No bullshit please
Simon and Alice booked the tour because it sounded ‘fun, a bit different’. And, Simon adds: ‘The car was very appealing’. Simon is lucky, because on request it is possible to drive the car yourself for a little while, on a deserted forest road. It is all part of the experience, just like the apartment building Jurek invites his ‘group’ to visit next. Crazy Guides rents this apartment for different reasons than the other 80, 000 (20, 000 less than in 1989) inhabitants of Nowa Huta: this specific apartment is their own museum, furnished solely with furniture from the 50’s and 60’s. Walking into the apartment it feels like the residents left just minutes ago: there’s an original newspaper on the shiny wooden coffee table and in the kitchen the kettle is waiting on the stove. The vodka distiller in the bathtub is a nice touch.
Simon and Alice seem impressed, touching everything and opening cupboards. Most of the people who take this tour are Europeans, says Jurek, but hardly any of his fellow countrymen ever join. According to Jurek, Nowa Huta doesn’t have a good reputation and the Poles don’t think it will show them anything new. It brings up the question whether it isn’t politically incorrect to take advantage of this darker side of Polish history. ‘We do get criticized,’ coordinator Jakub confirms back at the Crazy Guides-HQ. ‘But this is usually by people who have no idea what we show and tell on our tour. From the outside it might look as if we’re having too much fun and glorifying communism. But we try not to get too political and as long as our guides don’t bullshit, they can give their own opinion. Their stories should focus on the social aspect of the socialist era, still part of our collective memory.’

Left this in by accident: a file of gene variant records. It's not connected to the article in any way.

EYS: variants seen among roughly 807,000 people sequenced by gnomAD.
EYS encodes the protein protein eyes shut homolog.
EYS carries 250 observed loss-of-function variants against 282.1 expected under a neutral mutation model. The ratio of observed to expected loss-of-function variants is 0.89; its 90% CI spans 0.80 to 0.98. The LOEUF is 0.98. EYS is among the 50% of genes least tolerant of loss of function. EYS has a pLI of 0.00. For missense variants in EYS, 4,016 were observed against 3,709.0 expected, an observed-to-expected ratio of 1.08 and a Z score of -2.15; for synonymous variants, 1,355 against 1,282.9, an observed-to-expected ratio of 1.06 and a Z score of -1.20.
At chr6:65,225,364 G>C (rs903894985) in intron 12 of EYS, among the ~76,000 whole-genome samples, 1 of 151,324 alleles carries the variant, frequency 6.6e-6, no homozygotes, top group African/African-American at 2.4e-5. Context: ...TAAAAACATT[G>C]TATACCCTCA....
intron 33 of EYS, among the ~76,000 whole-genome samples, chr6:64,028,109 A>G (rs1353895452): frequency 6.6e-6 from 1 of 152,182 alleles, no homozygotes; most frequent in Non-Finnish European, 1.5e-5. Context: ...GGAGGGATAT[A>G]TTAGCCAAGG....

Autobus czerwony, an old Polish Communist song
Could Poland’s identity be a composite formed from both seven centuries as a big empire and four decades as a socialist country? Is it the fusion of these two periods that makes Poland what it is today; the Poland that joined the European Union? According to Alice and Simon, it is exactly this contrast that makes a city like Krakow so interesting. ‘When I thought about Poland, I thought about all the British stag parties that come here,’ Alice tells. ‘Now I know there is so much to do in Krakow we don’t even have enough time for it.’ Does the image of Nowa Huta overshadow the other side of Krakow, as a city of kings? Simon hesitates. ‘Actually I would like to think in a few years I remember Krakow as the city with both sides. But to be honest I think I will mostly associate it with the old town. It’s just more picturesque, you know.’ As for the Crazy Guides, they are ‘honestly a little bored’ with the communism tour. ‘We think we can export this concept to any other area of the city’, says Jakub. ‘Our strength lies more in the personal stories than in this great socialist neighbourhood, to tell you the truth.’
THIS ARTICLE IS PART OF A SPECIAL SERIES DEDICATED TO KRAKOW. IT'S PART OF "EUTOPIA: TIME TO VOTE", A PROJECT RUN BY CAFÉBABEL IN PARTNERSHIP WITH THE HIPPOCRÈNE FOUNDATION, THE EUROPEAN COMMISSION, THE MINISTRY OF FOREIGN AFFAIRS AND THE EVENS FOUNDATION.